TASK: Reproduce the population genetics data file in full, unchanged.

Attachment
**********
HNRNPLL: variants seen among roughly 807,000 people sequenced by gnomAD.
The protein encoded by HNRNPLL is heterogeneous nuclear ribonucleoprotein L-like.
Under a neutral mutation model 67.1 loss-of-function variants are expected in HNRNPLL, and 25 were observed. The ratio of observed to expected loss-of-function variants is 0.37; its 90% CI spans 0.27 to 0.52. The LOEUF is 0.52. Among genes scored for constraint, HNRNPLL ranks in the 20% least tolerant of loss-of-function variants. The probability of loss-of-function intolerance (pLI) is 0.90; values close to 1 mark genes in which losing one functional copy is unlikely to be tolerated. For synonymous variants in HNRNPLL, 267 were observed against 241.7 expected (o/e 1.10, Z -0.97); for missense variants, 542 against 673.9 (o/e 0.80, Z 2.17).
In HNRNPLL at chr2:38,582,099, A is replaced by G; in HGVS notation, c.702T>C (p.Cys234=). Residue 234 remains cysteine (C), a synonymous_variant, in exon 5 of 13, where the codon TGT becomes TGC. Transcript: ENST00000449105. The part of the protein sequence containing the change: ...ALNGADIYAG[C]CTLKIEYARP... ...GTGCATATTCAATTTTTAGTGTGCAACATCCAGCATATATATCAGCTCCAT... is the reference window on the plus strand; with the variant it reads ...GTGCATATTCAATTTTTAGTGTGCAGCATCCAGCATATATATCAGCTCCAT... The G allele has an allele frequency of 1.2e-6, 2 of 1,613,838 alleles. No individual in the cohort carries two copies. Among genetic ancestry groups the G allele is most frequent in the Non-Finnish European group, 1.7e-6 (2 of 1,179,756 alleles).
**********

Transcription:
HNRNPLL: variants seen among roughly 807,000 people sequenced by gnomAD.
The protein encoded by HNRNPLL is heterogeneous nuclear ribonucleoprotein L-like.
Under a neutral mutation model 67.1 loss-of-function variants are expected in HNRNPLL, and 25 were observed. The ratio of observed to expected loss-of-function variants is 0.37; its 90% CI spans 0.27 to 0.52. The LOEUF is 0.52. Among genes scored for constraint, HNRNPLL ranks in the 20% least tolerant of loss-of-function variants. The probability of loss-of-function intolerance (pLI) is 0.90; values close to 1 mark genes in which losing one functional copy is unlikely to be tolerated. For synonymous variants in HNRNPLL, 267 were observed against 241.7 expected (o/e 1.10, Z -0.97); for missense variants, 542 against 673.9 (o/e 0.80, Z 2.17).
In HNRNPLL at chr2:38,582,099, A is replaced by G; in HGVS notation, c.702T>C (p.Cys234=). Residue 234 remains cysteine (C), a synonymous_variant, in exon 5 of 13, where the codon TGT becomes TGC. Transcript: ENST00000449105. The part of the protein sequence containing the change: ...ALNGADIYAG[C]CTLKIEYARP... ...GTGCATATTCAATTTTTAGTGTGCAACATCCAGCATATATATCAGCTCCAT... is the reference window on the plus strand; with the variant it reads ...GTGCATATTCAATTTTTAGTGTGCAGCATCCAGCATATATATCAGCTCCAT... The G allele has an allele frequency of 1.2e-6, 2 of 1,613,838 alleles. No individual in the cohort carries two copies. Among genetic ancestry groups the G allele is most frequent in the Non-Finnish European group, 1.7e-6 (2 of 1,179,756 alleles).